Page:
Dublin

Sam and I returned last night from a quick trip to Dublin with his parents; our last stop on our whirlwind trip with them. We traveled all day yesterday and even though it was already past my bedtime, I sat down at my laptop, still basking in the glow of the trip, eager to tell you all about Dublin.

You can only see so much of a city in 2.5 days, but I saw enough to confirm that I want to go back and explore the beautiful, diverse country of Ireland. As soon as possible, please. Here’s what won me over…

Our time there was short, but it was marked with two of my favorite things: conversation and musicย (and a little bit of Guinness thrown in the mix).

We had the privilege of meeting and staying with a friend of Mike and Terry’s in Dublin. Mary is a retired American missionary living in Dublin, a joyful, gracious host, and an excellent tour guide! Upon arriving in Dublin we met up with Mary at a parking garage and immediately set out into the city! As soon as we left the parking garage I was met by the sweet sounds of a guitar and banjo streaming from a corner pub in the Temple Bar area. Sam and I were drawn in by the music and stayed for our first Irish pint of Guinness. It did not disappoint.

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The Temple Bar area is vibrant and lively. Famous for its pubs, it also offers markets, record stores, coffee shops, and even a fish & tackle shop. Every demographic was present and they seemed to be enjoying themselves! Young and old, tourist and local, many different people groups and styles. It was a visual feast if you’re a people watcher like me. We stopped in the market and I picked up some potato cakes for breakfast the next day. My MeMe used to make them all the time and they are delish. The ones we got at the market were superb!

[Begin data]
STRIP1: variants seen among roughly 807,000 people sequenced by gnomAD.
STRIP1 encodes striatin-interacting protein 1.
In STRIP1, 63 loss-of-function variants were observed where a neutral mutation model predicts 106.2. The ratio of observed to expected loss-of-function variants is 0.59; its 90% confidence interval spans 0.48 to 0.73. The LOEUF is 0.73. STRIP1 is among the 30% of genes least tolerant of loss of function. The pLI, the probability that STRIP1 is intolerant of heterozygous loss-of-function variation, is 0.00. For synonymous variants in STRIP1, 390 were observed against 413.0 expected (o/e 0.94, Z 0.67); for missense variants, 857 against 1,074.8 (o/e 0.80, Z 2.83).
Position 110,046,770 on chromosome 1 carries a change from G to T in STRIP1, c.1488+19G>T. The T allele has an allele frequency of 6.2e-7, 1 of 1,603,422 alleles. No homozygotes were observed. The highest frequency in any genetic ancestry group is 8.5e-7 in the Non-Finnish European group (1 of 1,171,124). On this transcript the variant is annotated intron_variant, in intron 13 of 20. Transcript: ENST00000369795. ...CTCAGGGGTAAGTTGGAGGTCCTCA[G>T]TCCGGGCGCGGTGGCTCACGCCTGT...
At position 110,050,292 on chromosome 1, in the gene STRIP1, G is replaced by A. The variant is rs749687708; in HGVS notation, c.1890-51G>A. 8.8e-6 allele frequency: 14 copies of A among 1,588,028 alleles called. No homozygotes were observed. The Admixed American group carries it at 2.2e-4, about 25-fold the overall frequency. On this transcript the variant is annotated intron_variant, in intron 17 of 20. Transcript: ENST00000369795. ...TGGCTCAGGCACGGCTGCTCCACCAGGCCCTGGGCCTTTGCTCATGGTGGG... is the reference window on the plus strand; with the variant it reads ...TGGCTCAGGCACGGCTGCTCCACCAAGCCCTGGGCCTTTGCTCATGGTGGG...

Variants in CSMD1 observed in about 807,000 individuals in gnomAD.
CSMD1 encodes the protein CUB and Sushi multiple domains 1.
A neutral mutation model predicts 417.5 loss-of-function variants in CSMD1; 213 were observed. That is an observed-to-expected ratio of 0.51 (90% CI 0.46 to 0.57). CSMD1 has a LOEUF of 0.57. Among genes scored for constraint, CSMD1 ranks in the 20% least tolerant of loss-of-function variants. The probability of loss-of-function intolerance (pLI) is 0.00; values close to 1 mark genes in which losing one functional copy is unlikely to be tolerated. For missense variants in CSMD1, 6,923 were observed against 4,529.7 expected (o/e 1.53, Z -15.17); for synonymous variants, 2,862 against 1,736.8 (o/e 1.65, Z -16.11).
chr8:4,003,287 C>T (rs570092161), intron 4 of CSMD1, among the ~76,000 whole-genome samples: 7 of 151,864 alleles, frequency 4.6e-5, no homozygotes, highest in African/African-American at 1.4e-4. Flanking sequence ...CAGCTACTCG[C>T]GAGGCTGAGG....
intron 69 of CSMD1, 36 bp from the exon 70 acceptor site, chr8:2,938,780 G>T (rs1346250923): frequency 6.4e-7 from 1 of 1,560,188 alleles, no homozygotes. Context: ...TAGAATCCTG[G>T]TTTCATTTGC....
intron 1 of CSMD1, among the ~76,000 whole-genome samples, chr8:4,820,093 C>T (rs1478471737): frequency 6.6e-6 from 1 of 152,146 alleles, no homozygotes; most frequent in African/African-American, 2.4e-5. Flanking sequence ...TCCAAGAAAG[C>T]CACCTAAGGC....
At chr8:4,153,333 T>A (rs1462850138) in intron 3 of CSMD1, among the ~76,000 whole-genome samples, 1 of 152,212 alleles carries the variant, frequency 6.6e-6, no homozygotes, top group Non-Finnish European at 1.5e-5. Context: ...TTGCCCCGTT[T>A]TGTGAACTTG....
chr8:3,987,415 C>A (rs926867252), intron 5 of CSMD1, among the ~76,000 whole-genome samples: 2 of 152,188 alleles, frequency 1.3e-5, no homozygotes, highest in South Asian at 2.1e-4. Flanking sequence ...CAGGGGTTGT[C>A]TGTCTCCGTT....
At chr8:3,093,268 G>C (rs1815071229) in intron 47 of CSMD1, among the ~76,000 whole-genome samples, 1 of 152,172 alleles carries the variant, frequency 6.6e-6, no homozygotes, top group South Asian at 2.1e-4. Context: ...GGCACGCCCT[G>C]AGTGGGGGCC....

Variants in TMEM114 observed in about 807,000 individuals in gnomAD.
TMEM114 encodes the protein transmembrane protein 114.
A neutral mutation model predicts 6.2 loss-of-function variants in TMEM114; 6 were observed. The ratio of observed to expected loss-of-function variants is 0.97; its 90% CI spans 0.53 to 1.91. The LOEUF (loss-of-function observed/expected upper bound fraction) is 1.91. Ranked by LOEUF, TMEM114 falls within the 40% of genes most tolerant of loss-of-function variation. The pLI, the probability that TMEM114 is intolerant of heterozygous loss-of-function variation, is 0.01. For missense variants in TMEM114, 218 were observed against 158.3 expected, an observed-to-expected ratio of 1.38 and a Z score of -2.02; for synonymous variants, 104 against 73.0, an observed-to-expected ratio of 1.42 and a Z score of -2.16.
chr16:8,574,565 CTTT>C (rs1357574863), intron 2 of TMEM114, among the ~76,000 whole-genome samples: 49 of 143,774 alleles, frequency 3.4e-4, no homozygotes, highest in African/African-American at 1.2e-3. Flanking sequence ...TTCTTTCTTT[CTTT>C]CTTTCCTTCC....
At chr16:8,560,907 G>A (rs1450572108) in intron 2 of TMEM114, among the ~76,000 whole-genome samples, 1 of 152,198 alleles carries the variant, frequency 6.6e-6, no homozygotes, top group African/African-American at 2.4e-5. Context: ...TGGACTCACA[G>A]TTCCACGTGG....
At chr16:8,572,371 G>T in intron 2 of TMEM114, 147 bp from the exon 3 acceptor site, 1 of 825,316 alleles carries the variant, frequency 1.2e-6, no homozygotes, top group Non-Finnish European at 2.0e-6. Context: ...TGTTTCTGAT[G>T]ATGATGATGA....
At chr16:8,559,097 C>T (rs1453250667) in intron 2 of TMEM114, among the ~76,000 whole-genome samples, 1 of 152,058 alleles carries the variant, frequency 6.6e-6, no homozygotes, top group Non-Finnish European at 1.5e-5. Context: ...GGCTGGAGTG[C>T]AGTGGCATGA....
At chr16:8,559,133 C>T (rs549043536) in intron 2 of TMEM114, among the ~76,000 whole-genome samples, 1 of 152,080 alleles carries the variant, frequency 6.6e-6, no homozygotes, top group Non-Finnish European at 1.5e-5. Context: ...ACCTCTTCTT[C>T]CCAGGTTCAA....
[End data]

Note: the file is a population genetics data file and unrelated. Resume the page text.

The courtyard between Chester Beatty Library and Dublin Castle. A memorial for police officers killed in the line of duty had just concluded. We spoke with three lovely Dubliners who had known a few of the officers. They were so kind, warm and chatty that we thought Mary knew them. She said that's the Irish way, especially with the elderly. As we parted, they sent us off with a merry, "Cheerio!"

The beautiful courtyard between Chester Beatty Library and Dublin Castle. A memorial for police officers killed in the line of duty had just concluded. We spoke with three lovely Dubliners who had known a few of the officers. They were so kind, warm and chatty that we thought Mary knew them. She said that’s just the Irish way, especially with the elderly. As we parted, they sent us off with a merry, “Cheerio!”

We moved on to the Chester Beatty Library. I had never heard of him or his library, so I was not sure what to expect. I pictured an actual library in a beautiful old, building. What I found was a massive and incredibly impressive display of one man’s collection of books, manuscripts, bindings, papyrus, and more. The first level displayed the history of book making and binding with elaborate leather bindings and colorful hand-illustrated stories from many centuries and countries. The second floor held important historical texts from Islam, Buddhism, Hinduism and Christianity, as well as beautiful and intricate copies of their major religious texts. It was powerful to see papyrus copies of Paul’s letters and the Gospel of John dating back to AD 100-250. There was one copy of 1 Corinthians 13 (you can see it here) dating from around AD 200 where the Greek was still as plain as if it had just been written; Mike pointed out a few of the several mentions of the word ‘agape’ in the text. That specific copy dated only a hundred years or so after Paul himself was killed. It was powerful to see these ancient texts that were key in spreading of the word of God!

Christchurch Cathedral

Christchurch Cathedral

Next up we walked through Christchurch Cathedral. Parts of the cathedral date back to 1200! It was beautiful inside and had some interesting quirks. For example, when staring down the knave of the cathedral, the wall to the right visibly leans (9 degrees, if I remember correctly). The funny thing is, it was built that way, though probably not on purpose.